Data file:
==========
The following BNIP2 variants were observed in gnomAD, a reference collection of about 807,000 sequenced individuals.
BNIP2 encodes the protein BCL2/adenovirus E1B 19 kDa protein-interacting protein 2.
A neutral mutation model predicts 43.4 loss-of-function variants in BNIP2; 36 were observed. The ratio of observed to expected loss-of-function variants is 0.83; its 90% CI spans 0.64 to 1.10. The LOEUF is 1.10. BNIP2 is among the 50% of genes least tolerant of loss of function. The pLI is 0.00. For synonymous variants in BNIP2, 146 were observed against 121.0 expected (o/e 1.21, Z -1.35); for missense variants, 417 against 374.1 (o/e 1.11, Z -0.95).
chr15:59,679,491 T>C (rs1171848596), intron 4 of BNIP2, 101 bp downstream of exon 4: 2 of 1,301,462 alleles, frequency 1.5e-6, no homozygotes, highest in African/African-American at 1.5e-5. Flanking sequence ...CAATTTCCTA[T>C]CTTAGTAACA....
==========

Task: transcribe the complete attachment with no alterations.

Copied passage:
The following BNIP2 variants were observed in gnomAD, a reference collection of about 807,000 sequenced individuals.
BNIP2 encodes the protein BCL2/adenovirus E1B 19 kDa protein-interacting protein 2.
A neutral mutation model predicts 43.4 loss-of-function variants in BNIP2; 36 were observed. The ratio of observed to expected loss-of-function variants is 0.83; its 90% CI spans 0.64 to 1.10. The LOEUF is 1.10. BNIP2 is among the 50% of genes least tolerant of loss of function. The pLI is 0.00. For synonymous variants in BNIP2, 146 were observed against 121.0 expected (o/e 1.21, Z -1.35); for missense variants, 417 against 374.1 (o/e 1.11, Z -0.95).
chr15:59,679,491 T>C (rs1171848596), intron 4 of BNIP2, 101 bp downstream of exon 4: 2 of 1,301,462 alleles, frequency 1.5e-6, no homozygotes, highest in African/African-American at 1.5e-5. Flanking sequence ...CAATTTCCTA[T>C]CTTAGTAACA....